And remember, Star Fleet cares about people with breast cancer.

Or, to quote DeathStarPR: “Earth, we can help you #beatcancer. Side effects may include loss of: sunsets, life on Earth, Earth itself. Because we care.#deathstarcares

Star Trek lets you boldly smell like you’ve never smelled before

trek_redshirt_tFor me combining the words “Star Trek” and “scent” summons up something rolling off an obese Trekkie (Trekker?) who has only a slight familiarity with soap. (Full disclosure, for some of my life I fulfilled two of these three criteria, today it’s only one.) However the folks at Genki Wear are hoping for a different reaction to the soon-to-be released Star Trek Perfume  – A trio of scents from the final frontier.

Those three scents are not named Spock, Kirk and Picard but Tiberius Cologne (“difficult to define and impossible to refuse”), the allegedly sensual Ponn Farr — the name for the Vulcan seven year itch (a perfume designed to “drive him wild”) and — my favorite — Red Shirt.

For those of you who aren’t Trekkies, red shirts were the cannon fodder on every away team. Their only purpose was to die and add a (very) slight bit of pathos to all the bathos. This iteration of marketers are trying to give the scent a bit of 007-ish elan with the tag line “Because tomorrow may never come.” This definitely sounds better than the much more accurate, “Because you really don’t matter.”

(BTW, anyone care to guess how it is that I am related — by marriage — to perhaps THE MOST IMPORTANT UNHERALDED PERSON IN Star Trek history? Hmmm, anyone? Bueller? Twitter me for the answer.)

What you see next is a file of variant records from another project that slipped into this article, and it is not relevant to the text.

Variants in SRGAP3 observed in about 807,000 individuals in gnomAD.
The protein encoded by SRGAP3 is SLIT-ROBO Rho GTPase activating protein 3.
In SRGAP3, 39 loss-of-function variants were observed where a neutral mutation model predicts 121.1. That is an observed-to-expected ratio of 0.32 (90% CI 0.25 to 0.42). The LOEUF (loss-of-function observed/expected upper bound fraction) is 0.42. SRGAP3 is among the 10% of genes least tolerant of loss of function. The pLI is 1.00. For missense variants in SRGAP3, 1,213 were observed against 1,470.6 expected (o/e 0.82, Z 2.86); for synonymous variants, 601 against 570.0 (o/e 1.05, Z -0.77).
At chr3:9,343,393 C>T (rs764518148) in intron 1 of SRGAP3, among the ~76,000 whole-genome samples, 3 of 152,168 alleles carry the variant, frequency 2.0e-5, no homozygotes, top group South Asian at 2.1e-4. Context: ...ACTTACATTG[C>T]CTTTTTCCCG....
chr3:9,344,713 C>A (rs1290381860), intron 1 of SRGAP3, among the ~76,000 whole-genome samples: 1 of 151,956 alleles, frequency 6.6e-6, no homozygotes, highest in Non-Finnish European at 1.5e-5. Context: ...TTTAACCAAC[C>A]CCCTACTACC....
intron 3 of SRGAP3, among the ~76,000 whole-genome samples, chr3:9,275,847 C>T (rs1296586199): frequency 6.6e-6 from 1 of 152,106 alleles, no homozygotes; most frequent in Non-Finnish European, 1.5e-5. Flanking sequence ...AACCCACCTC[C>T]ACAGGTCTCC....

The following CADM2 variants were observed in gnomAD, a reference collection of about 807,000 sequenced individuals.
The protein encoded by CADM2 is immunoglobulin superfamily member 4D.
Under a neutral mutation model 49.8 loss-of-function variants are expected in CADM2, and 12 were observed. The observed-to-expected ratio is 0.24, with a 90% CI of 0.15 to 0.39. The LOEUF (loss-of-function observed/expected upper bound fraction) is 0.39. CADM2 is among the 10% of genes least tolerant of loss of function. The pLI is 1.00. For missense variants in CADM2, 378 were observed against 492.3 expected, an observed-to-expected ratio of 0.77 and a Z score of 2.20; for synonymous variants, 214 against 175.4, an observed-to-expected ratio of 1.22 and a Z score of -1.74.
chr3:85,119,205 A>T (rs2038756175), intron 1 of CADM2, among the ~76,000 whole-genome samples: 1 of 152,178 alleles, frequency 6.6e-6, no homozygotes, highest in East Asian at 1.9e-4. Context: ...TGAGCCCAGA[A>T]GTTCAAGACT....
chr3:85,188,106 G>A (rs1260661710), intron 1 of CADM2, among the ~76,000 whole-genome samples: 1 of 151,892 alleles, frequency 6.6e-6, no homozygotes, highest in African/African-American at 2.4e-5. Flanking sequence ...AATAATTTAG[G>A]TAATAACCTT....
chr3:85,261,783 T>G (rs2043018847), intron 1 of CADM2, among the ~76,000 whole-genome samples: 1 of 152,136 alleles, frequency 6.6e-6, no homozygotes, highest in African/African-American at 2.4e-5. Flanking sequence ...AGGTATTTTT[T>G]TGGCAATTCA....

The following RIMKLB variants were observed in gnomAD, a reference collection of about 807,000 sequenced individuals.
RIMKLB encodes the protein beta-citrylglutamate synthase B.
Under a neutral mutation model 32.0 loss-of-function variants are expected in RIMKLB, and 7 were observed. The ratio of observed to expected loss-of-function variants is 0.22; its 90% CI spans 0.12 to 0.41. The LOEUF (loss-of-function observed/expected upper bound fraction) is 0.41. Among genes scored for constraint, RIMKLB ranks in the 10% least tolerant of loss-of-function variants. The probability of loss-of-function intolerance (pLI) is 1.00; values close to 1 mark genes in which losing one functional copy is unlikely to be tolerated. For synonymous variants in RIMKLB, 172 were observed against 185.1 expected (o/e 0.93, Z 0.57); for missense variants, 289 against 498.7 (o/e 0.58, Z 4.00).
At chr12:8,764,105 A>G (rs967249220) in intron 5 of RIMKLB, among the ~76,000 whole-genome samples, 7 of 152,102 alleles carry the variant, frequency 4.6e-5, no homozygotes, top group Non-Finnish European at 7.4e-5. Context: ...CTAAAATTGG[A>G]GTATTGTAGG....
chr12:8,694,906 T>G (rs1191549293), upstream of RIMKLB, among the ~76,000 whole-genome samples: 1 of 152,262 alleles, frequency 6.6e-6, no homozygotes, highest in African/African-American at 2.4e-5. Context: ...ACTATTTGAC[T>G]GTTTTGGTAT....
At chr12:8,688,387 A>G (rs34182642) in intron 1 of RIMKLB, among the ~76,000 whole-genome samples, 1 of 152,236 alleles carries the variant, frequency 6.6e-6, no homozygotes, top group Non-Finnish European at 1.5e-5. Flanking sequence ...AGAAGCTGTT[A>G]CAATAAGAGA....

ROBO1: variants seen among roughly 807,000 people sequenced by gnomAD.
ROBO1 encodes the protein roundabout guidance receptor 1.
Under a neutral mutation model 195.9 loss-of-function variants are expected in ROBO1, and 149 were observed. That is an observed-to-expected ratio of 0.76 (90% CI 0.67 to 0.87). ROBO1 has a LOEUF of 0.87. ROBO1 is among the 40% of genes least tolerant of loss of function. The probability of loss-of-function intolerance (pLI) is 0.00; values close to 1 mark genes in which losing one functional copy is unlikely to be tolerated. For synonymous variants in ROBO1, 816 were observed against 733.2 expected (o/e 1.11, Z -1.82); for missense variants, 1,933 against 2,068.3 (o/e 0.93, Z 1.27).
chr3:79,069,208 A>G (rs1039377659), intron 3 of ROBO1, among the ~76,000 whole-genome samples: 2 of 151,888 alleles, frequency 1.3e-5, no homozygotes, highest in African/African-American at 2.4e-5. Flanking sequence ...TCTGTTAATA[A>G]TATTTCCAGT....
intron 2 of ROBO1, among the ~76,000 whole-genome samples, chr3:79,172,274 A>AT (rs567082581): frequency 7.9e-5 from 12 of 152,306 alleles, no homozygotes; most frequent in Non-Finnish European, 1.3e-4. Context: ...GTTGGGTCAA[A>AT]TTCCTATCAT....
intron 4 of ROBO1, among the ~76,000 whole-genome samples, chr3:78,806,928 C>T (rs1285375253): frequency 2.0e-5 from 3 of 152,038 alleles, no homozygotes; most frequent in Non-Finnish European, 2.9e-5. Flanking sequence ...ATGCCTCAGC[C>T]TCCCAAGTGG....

UPDATE: The great MijFromBuffalo alerts me to this piece of truth in branding from ThinkGeek:

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Caskets for someone who is a Trekkie to the death

“To boldly be buried as no one has been buried before…”

Eternal Image is a company that seems devoted to helping people get rid of excess cash when they die. When I last checked in, the maker of “brand-name funerary objects” had lines of urns and caskets with Major League Baseball logos and symbols from the Vatican Library. But, as the saying goes, that’s not all …

trek1For the millions of fans on our planet and beyond, our new line of Star Trek urns, caskets, monuments and vaults will be an important discovery indeed. After ten movies and five television series, phrases like “Live long and prosper,” “Resistance is futile” and “Space: the final frontier” have become part of our global vocabulary.

trekcasketThe urn, right, “will feature a bold design reminiscent of the 24th century styling of the United Federation of Planets and Starfleet.” The casket “as been inspired by the popular ‘Photon Torpedo’ design seen in STAR TREK II: The Wrath of Kahn.” (BTW, as someone who has wept through that particular movie more times than he would care to admit, I can tell you that it’s spelled Khan.)

If tacky Trekkie isn’t your way to go, then check out the equal-but-differently tacky line of Precious Moments™ funerary objects. Death, be not un-cute…

Best line from Eternal Image’s mission statement: “We combine the power of brand-names with 21st century materials and composites that won’t rot.” How much more can you ask from a company?